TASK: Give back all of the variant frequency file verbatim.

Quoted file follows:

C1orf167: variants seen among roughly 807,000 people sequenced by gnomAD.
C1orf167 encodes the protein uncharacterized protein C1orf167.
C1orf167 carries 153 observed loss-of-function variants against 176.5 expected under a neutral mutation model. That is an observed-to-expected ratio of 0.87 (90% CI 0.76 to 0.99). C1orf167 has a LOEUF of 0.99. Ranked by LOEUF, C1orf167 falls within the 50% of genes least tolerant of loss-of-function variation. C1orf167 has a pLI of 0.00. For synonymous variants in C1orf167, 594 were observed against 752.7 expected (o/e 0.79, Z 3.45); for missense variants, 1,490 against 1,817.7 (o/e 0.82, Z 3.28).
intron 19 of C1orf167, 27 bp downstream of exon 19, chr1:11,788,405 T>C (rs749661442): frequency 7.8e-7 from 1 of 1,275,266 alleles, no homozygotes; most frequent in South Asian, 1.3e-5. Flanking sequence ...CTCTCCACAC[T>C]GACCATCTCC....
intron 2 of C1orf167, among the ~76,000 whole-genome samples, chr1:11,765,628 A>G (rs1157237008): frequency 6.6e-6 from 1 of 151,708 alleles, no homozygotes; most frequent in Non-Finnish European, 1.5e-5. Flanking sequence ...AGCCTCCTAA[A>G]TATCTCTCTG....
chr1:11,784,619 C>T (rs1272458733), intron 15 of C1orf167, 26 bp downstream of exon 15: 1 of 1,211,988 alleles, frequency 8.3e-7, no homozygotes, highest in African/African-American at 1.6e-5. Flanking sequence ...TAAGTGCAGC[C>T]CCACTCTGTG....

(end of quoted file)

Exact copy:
C1orf167: variants seen among roughly 807,000 people sequenced by gnomAD.
C1orf167 encodes the protein uncharacterized protein C1orf167.
C1orf167 carries 153 observed loss-of-function variants against 176.5 expected under a neutral mutation model. That is an observed-to-expected ratio of 0.87 (90% CI 0.76 to 0.99). C1orf167 has a LOEUF of 0.99. Ranked by LOEUF, C1orf167 falls within the 50% of genes least tolerant of loss-of-function variation. C1orf167 has a pLI of 0.00. For synonymous variants in C1orf167, 594 were observed against 752.7 expected (o/e 0.79, Z 3.45); for missense variants, 1,490 against 1,817.7 (o/e 0.82, Z 3.28).
intron 19 of C1orf167, 27 bp downstream of exon 19, chr1:11,788,405 T>C (rs749661442): frequency 7.8e-7 from 1 of 1,275,266 alleles, no homozygotes; most frequent in South Asian, 1.3e-5. Flanking sequence ...CTCTCCACAC[T>C]GACCATCTCC....
intron 2 of C1orf167, among the ~76,000 whole-genome samples, chr1:11,765,628 A>G (rs1157237008): frequency 6.6e-6 from 1 of 151,708 alleles, no homozygotes; most frequent in Non-Finnish European, 1.5e-5. Flanking sequence ...AGCCTCCTAA[A>G]TATCTCTCTG....
chr1:11,784,619 C>T (rs1272458733), intron 15 of C1orf167, 26 bp downstream of exon 15: 1 of 1,211,988 alleles, frequency 8.3e-7, no homozygotes, highest in African/African-American at 1.6e-5. Flanking sequence ...TAAGTGCAGC[C>T]CCACTCTGTG....